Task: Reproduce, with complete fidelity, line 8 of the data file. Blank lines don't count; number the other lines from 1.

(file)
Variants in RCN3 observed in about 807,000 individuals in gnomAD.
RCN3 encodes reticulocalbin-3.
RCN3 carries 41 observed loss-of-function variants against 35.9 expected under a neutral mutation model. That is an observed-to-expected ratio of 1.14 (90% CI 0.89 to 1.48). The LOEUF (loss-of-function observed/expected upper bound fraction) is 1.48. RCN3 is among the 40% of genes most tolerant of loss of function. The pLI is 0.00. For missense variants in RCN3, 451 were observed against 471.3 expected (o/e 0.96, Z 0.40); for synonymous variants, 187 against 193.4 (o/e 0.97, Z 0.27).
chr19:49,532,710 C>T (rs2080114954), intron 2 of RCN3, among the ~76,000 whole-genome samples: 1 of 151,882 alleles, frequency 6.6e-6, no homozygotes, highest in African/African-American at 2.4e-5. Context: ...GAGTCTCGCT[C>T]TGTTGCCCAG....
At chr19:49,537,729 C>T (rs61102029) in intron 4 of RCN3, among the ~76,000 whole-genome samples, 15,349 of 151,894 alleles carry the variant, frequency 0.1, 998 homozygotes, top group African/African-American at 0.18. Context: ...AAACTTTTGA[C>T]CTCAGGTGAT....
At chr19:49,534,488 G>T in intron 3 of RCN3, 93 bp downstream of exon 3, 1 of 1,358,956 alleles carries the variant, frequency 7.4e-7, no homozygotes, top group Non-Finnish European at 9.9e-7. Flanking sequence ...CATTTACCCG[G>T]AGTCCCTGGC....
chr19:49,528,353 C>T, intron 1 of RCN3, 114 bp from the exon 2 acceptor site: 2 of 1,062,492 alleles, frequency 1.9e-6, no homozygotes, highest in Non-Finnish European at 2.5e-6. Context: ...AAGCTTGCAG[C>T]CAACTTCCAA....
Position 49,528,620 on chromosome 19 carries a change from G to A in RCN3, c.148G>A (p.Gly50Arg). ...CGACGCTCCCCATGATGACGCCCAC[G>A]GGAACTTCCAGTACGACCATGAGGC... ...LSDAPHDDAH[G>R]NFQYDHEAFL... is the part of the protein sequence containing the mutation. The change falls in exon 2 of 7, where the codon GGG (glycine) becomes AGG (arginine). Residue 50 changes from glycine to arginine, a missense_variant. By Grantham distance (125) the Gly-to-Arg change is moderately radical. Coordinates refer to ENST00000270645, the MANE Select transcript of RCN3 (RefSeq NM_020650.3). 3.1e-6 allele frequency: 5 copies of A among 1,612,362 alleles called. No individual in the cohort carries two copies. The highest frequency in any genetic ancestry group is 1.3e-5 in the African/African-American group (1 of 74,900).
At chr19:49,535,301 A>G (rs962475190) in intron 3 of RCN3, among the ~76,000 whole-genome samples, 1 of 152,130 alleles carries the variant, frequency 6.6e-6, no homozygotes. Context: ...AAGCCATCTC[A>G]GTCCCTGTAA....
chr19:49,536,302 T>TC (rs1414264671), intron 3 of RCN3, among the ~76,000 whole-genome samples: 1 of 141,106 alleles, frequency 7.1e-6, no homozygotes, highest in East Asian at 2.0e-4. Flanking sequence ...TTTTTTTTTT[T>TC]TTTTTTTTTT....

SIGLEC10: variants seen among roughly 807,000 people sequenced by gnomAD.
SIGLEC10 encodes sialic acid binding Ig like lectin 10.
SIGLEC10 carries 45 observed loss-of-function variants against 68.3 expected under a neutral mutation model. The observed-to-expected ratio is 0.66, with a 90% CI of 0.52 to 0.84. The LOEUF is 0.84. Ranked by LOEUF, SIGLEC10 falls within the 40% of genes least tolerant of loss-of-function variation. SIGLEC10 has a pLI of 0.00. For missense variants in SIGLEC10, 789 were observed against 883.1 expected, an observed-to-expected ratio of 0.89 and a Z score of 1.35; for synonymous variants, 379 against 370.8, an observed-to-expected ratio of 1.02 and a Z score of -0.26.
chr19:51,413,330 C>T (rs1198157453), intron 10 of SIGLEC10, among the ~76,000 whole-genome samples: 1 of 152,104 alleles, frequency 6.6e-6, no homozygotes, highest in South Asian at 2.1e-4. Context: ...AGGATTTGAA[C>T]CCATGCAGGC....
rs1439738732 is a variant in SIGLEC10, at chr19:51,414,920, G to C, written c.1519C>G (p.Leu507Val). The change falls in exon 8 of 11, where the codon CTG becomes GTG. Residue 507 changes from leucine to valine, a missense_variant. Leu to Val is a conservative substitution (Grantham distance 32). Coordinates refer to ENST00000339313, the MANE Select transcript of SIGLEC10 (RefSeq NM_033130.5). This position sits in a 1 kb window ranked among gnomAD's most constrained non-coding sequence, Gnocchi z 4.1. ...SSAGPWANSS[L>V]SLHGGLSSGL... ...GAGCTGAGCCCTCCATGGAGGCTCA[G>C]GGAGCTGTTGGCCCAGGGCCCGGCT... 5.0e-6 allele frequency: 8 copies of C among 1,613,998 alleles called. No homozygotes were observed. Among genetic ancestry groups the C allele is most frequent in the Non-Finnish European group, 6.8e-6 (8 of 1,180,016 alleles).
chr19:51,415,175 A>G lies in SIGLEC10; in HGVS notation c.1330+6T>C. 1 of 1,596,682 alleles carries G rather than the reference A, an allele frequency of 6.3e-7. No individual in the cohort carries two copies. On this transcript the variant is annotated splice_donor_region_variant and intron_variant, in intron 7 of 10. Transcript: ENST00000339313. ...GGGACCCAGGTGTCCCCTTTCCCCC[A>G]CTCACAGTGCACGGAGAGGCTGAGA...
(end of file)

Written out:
Position 49,528,620 on chromosome 19 carries a change from G to A in RCN3, c.148G>A (p.Gly50Arg). ...CGACGCTCCCCATGATGACGCCCAC[G>A]GGAACTTCCAGTACGACCATGAGGC... ...LSDAPHDDAH[G>R]NFQYDHEAFL... is the part of the protein sequence containing the mutation. The change falls in exon 2 of 7, where the codon GGG (glycine) becomes AGG (arginine). Residue 50 changes from glycine to arginine, a missense_variant. By Grantham distance (125) the Gly-to-Arg change is moderately radical. Coordinates refer to ENST00000270645, the MANE Select transcript of RCN3 (RefSeq NM_020650.3). 3.1e-6 allele frequency: 5 copies of A among 1,612,362 alleles called. No individual in the cohort carries two copies. The highest frequency in any genetic ancestry group is 1.3e-5 in the African/African-American group (1 of 74,900).